Posting in Architecture
By emphasizing the differences between letters, a graphic designer has created a font that should make reading and spelling easier for dyslexics.
Most of the 15 to 20 percent of people in the United States who have a language-based disability suffer from dyslexia, a condition that makes reading and comprehension difficult. Those who suffer from dyslexia often transpose or rotate letters (a b becomes a q; an n becomes and u), and they have difficulty differentiating letters that look similar, such as i and j. Those who suffer from severe dyslexia might even see the letters moving, or in three dimensions, as they try to read them. All of these factors greatly impede the speed and clarity with which they can read.
A Dutch graphic designer and dyslexic, Christian Boer, developed a font specifically for dyslexic readers. It's designed to make letters more distinct from each other and to keep them tied down, so to speak, so that the reader is less likely to flip them in their minds. The letters in the font are also spaced wide apart to make reading them easier.
Boer introduced an English language version of the font, which is called Dyslexie, late last year. It's available for purchase, in either English or Dutch, from Boer's website. The font can be used on either the Mac or Windows operating system, but not on devices such as iPads. However, a software company called LingApps says it will soon offer an assistive reading and writing application for iPad that uses Dyslexie.
Boer created the font as part of his thesis at the Utrecht School of the Arts (he has since graduated). He says the font's effectiveness has been twice tested -- once in an informal way among eight dyslexic students he did not know, and later as the subject of a formal, scientific analysis as part of a University of Twente student's thesis. In each study, results suggested that the font helped. Participants said the font allowed them to read for a longer time and with better comprehension, compared to other fonts.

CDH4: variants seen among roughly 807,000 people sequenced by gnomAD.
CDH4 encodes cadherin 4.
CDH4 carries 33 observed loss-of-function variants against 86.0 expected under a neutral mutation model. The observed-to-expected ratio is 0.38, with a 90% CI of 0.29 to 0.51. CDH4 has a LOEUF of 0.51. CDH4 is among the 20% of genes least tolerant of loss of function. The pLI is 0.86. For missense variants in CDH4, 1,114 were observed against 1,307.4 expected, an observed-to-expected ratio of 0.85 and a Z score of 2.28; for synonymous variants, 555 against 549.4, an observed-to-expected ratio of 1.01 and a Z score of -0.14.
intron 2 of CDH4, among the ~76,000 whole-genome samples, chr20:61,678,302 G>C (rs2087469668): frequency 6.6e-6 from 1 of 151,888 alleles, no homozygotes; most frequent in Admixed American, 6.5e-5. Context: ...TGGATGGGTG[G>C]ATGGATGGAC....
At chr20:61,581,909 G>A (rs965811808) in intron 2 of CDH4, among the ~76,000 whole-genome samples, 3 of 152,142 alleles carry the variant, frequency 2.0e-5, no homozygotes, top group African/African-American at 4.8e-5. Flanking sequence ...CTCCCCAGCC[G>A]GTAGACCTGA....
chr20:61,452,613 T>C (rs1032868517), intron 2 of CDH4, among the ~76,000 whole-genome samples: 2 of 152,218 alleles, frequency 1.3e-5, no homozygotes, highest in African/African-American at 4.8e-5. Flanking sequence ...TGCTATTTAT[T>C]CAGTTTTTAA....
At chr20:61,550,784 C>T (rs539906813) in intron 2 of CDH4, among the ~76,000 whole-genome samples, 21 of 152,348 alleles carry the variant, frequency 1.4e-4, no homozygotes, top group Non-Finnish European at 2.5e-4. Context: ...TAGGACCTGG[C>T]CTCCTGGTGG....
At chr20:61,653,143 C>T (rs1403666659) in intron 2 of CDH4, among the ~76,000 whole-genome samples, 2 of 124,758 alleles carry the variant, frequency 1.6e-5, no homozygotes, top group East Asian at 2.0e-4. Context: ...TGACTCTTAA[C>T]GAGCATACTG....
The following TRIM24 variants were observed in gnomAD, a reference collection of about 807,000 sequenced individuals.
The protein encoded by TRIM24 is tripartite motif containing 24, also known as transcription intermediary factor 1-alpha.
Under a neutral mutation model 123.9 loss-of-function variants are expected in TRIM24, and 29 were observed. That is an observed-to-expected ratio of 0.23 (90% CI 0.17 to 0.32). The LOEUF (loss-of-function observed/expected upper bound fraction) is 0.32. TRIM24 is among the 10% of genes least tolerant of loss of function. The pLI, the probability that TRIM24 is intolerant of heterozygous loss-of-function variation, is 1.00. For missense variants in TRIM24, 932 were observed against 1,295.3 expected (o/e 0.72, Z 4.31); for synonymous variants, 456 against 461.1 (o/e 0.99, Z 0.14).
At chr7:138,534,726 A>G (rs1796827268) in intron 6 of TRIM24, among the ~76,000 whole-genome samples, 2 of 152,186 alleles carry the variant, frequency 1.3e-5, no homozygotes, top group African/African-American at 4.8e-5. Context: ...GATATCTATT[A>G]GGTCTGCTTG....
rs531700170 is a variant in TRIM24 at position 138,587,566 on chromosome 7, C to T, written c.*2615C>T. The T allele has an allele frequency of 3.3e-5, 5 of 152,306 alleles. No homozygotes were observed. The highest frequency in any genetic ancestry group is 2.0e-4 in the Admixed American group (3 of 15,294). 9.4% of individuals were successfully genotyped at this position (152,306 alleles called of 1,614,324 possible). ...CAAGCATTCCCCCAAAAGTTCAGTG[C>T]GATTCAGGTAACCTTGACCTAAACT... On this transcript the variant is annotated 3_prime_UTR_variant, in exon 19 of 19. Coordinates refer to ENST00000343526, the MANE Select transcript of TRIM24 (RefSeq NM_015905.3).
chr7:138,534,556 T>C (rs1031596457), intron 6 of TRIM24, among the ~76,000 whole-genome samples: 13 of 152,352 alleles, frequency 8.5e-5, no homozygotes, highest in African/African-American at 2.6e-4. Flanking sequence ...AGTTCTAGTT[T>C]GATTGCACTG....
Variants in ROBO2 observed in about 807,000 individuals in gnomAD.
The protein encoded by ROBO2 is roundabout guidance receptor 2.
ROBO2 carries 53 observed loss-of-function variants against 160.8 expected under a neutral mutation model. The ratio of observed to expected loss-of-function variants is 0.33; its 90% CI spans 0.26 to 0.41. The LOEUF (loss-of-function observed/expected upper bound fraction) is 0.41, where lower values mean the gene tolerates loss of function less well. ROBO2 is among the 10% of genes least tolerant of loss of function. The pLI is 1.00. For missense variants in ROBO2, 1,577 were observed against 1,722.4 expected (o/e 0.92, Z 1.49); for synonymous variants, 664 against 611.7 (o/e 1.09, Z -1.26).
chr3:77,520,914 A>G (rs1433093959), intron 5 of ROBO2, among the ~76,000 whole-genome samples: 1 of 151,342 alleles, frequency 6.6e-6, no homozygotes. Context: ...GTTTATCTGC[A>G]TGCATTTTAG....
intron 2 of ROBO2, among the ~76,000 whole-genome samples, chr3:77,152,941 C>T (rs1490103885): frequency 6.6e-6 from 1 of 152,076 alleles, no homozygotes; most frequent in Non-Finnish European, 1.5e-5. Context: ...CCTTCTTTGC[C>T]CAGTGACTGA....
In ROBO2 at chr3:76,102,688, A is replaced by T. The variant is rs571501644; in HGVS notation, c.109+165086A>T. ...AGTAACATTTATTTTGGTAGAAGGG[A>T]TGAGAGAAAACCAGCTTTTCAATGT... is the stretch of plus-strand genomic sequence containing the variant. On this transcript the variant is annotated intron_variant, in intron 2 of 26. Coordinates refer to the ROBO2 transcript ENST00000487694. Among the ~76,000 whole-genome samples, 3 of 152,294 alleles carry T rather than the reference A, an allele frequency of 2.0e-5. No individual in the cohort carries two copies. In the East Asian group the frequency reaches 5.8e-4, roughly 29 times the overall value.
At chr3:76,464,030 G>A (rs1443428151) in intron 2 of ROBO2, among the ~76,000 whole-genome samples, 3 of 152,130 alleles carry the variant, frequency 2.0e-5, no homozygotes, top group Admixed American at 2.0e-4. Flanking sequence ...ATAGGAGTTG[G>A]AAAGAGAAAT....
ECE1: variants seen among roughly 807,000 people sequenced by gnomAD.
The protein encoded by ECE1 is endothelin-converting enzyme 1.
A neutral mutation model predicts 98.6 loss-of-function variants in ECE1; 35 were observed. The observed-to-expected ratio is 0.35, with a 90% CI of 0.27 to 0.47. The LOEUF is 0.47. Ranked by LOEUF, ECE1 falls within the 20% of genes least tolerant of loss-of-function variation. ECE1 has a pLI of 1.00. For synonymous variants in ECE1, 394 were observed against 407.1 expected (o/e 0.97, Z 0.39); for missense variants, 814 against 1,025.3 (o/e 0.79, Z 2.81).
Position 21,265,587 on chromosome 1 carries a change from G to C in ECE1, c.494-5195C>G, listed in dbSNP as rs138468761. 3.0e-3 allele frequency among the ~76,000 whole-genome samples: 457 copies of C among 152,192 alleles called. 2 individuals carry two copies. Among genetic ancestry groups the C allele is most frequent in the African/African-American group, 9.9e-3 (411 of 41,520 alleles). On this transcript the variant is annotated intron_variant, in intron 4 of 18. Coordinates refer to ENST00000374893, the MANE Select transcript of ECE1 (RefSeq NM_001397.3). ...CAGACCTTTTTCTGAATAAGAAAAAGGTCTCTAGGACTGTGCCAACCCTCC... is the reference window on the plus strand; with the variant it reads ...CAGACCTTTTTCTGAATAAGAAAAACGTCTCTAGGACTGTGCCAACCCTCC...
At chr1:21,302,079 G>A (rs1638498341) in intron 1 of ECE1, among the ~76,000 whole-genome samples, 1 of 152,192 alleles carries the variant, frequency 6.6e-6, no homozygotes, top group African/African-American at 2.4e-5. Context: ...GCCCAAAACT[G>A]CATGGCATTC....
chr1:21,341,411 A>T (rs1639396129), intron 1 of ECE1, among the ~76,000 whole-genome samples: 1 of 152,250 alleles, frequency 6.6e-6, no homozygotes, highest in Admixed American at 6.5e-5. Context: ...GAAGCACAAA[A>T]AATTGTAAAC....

A number of U.S. schools are now using the font, says Boer. But there's not yet been any major study by a educational system or government to gauge the font's value in teaching young dyslexics how to read.
If you're dyslexic (or even if you're not) and are interested in whether it works, you can check out the Dyslexie website, which uses the font, of course. And check out Scientific American's deeper dive into the project, which includes a link to a Dyslexie version of the article, so you can compare it to the magazine website's font.
And for details on how Boer made the font, check out this video:
Via: Scientific American
- Author’s note: The original version of this post stated that Christian Boer attended the University of Twente. That is incorrect; he attended Utrecht School of the Arts. It has been corrected. I regret the error.
Feb 13, 2012
Wonderful stuff. Bundle of thanks!!! http://www.boomawebdesign.com/seo